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  • Americans say that Australia got a Typhoon. a) Americans call them Hurricanes b) Australians call them Cyclones. So why the heck do they use the Asian name for them?
    • "Typhoon" refers to Pacific hurricanes in general, including ones that hit the American Pacific Coast, so the average American would probably use that word to describe one hitting Australia.
    • In a part of America, Typhoons are Hurricanes that are mostly water and Cyclone is a superhero. While not logical from a technical standpoint, in-character people calling it that makes sense.
  • In the party scene at the school. Why the heck does Sam's name tag say 'Hello my name is Yoda'?
    • Probably to show that his character has a sense of humor.
  • Is it even possible for two twisters to join like that? Beside each other their sides would be going opposite ways.
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    • Yes, it's possible, but not very common.
    • Actually, two tornadoes in proximity to one another would spin around each other, often close enough to appear to be just one fat funnel, like a wedge tornado. In these cases, the stronger vortex will sometimes starve the weaker vortex of its energy source and kill the weaker vortex, or both will survive and get stronger.
  • How the hell do they use a wood and paper fire to stop a wave of air so cold it makes ice crystallize on stone walls and freezes a human in seconds?
    • In that same vein, as mentioned by Rifftrax: Why did the characters immediately default to burning the books, especially when the preservation of First World knowledge and culture through books would probably be absolutely paramount in order to help humanity rebuild after having essentially the entire First World wiped out? Why not, y'know, the wooden furniture of the library, considering that wood burns warmer, longer, and leaves a lot less smoke instead of the remaining and durable repositories of knowledge and literature?
      • Paper burns more readily than wood, which is important if you're trying to keep the fire lit in spite of the extreme cold.
      • Which is an argument for using paper as kindling, but not as fuel.
      • It is generally not recommended to use old furniture as firewood because their varnish or other chemical treatment can burn and turn into poisonous fumes.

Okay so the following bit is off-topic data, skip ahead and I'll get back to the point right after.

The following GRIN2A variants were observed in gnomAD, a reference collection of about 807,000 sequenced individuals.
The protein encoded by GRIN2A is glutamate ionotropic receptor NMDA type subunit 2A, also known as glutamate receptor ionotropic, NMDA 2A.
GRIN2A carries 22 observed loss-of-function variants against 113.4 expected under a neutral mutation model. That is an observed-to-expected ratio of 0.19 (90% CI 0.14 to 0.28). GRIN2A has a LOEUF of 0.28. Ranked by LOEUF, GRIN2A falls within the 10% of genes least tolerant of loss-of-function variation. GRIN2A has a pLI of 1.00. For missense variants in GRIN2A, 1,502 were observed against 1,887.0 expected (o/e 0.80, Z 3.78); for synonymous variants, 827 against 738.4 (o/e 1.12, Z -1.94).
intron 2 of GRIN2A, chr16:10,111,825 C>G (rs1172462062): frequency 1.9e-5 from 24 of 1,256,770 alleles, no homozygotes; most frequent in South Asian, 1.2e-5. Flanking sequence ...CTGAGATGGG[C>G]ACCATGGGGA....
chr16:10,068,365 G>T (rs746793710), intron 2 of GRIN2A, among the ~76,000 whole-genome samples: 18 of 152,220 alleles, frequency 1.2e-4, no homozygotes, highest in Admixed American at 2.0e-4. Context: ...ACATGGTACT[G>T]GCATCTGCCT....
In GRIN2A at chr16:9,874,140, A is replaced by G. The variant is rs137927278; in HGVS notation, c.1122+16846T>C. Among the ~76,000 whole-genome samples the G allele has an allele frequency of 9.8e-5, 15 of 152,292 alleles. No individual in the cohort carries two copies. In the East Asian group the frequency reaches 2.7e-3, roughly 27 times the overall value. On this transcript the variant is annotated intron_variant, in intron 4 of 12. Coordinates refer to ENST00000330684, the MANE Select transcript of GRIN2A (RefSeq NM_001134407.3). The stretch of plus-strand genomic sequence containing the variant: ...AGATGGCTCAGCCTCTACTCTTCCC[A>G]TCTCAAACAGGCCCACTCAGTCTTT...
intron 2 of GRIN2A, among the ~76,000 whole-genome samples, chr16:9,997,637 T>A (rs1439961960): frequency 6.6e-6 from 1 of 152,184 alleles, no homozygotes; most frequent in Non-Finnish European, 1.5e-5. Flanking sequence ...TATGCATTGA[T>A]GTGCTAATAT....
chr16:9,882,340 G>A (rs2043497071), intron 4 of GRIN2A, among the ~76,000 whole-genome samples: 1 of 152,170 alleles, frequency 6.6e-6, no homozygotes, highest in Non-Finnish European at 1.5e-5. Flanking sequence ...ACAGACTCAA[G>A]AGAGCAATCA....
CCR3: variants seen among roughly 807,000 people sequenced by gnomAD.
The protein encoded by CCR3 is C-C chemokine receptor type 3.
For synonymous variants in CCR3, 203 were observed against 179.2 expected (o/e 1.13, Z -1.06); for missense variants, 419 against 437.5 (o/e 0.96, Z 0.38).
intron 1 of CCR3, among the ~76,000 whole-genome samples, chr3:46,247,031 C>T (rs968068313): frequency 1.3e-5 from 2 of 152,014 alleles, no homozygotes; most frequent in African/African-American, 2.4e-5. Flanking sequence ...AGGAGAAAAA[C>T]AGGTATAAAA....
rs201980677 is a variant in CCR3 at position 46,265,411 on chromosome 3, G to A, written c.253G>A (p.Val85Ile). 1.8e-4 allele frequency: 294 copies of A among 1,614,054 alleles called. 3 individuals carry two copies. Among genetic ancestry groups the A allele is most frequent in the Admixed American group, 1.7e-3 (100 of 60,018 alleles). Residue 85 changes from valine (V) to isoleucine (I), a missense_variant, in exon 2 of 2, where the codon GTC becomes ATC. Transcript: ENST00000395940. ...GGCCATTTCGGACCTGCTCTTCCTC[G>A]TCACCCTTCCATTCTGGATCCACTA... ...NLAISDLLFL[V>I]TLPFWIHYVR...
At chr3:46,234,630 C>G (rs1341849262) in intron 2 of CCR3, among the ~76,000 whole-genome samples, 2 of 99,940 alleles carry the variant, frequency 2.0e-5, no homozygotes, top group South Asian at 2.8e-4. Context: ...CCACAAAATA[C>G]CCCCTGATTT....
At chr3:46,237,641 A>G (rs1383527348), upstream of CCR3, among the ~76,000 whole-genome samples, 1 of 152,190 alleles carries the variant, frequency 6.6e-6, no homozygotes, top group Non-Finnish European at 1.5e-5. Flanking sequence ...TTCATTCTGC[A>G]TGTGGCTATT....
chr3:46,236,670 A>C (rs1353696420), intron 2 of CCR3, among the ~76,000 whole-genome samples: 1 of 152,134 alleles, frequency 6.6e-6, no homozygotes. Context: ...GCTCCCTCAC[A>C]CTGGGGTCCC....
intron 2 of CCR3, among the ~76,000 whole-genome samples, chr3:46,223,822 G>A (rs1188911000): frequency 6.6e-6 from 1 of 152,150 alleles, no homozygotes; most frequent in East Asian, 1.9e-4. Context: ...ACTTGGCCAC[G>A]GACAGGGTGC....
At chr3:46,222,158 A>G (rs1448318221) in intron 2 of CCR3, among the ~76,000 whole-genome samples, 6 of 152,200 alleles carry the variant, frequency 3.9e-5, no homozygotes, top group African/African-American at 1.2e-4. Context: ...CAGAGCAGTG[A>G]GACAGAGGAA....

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    • Unlike some natural disasters, this one isn't necessarily going to destroy all written records: there are probably copies of any of those books that merited preservation in the Southern hemisphere, after all. Only unique volumes with historical value as artifacts, like the Gutenberg, really rate as irreplaceable.
    • Most natural disasters are highly unlikely to destroy all or even most written records and leave any humans alive to care. A lot of the books written today have lots of duplicate knowledge or more up to date knowledge anyway. As for burning the furniture that could easily have been next to impossible. Most furniture is specially treated to be difficult to burn, and anybody who has even tried to start a fire in their fire place which is ideal circumstances can tell you that starting a fire is often much harder than it looks. So it's entirely plausible that burning the furniture wasn't an option, especially amongst the skill sets they had available which clearly skewed more towards book smarts than wilderness survival techniques.
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    • Libraries aren't full of expensive and irreplaceable books like the Gutenberg Bible. They're also full of thousands of copies of "Green Eggs and Ham" and "Rosemary Coneley's Hip and Thigh Diet".
    • and books on tax law...
      • The Stephen A. Schwarzman Building in New York is also a museum and research center. The Rare Books Division and the Manuscripts and Archives Division are located on the third floor. The regular collection are on the lower floors, which were flooded.
  • It's odd from a film making perspective, that at $1 million a wolf, they went for using C.G.I wolves rather than real, trained wolves which would be better looking and cheaper.
  • Why are they huddling for days and days in a library when there's a perfectly good abandoned freighter floating down the street from them? Ships have things the library doesn't... such as diesel generators, climate control, long-range radios, food supplies, and beds. And yet nobody considers the freighter as anything other than a possible source of medical supplies.
    • It'd been established that it was too cold to survive in even for a short period of time. Even if they were just travelling down the street, what are the odds they'd all make it. Plus they had a sick person with them, and they'd already set up a - rather weak - source of heat in the library.